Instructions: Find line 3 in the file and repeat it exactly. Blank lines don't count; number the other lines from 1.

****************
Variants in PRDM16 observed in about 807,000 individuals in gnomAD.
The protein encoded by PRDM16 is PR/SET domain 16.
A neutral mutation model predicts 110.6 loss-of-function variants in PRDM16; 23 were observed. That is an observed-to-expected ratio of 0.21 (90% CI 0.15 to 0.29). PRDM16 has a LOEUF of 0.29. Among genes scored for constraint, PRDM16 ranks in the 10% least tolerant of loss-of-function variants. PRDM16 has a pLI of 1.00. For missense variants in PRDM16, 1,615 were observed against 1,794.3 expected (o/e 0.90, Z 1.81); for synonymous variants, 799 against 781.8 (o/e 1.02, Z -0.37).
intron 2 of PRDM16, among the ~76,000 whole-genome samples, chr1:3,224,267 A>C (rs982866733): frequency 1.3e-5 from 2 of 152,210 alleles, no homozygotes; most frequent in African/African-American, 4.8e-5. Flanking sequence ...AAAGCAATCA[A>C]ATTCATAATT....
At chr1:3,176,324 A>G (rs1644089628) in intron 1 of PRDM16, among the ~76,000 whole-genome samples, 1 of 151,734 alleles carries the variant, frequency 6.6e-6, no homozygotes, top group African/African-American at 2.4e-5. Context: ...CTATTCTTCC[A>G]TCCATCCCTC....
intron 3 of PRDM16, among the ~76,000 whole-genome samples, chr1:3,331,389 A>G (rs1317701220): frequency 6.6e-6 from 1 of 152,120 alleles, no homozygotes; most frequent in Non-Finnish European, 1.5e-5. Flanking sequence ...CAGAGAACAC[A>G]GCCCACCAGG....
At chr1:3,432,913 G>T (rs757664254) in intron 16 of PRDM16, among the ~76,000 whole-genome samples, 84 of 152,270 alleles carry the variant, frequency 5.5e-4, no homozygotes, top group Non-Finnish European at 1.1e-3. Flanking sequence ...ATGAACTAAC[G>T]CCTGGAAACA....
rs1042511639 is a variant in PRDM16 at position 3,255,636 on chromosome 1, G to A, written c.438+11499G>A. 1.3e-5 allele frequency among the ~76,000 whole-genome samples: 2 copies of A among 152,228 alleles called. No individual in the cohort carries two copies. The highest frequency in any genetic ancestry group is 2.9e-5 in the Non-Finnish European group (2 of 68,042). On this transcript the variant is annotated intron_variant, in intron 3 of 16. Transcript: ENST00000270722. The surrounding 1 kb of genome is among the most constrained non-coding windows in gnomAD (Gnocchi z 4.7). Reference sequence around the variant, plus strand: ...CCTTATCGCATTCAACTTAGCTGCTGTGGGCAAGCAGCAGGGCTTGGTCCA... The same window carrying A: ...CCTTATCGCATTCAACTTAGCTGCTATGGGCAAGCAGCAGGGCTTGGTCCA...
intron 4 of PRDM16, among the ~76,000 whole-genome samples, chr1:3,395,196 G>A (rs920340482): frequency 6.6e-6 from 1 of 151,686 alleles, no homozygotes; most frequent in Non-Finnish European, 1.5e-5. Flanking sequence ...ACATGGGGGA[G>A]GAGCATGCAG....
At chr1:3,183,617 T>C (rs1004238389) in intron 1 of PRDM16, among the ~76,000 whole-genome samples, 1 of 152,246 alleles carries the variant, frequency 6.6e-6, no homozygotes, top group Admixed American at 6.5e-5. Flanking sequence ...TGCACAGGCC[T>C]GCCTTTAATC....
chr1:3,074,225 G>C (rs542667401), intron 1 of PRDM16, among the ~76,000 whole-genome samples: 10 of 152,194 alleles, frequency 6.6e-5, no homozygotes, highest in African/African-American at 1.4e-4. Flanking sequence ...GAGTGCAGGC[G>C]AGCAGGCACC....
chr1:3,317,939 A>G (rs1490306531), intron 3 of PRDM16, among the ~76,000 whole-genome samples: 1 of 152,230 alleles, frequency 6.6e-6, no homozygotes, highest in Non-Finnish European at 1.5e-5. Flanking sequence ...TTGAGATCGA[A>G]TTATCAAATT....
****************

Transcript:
A neutral mutation model predicts 110.6 loss-of-function variants in PRDM16; 23 were observed. That is an observed-to-expected ratio of 0.21 (90% CI 0.15 to 0.29). PRDM16 has a LOEUF of 0.29. Among genes scored for constraint, PRDM16 ranks in the 10% least tolerant of loss-of-function variants. PRDM16 has a pLI of 1.00. For missense variants in PRDM16, 1,615 were observed against 1,794.3 expected (o/e 0.90, Z 1.81); for synonymous variants, 799 against 781.8 (o/e 1.02, Z -0.37).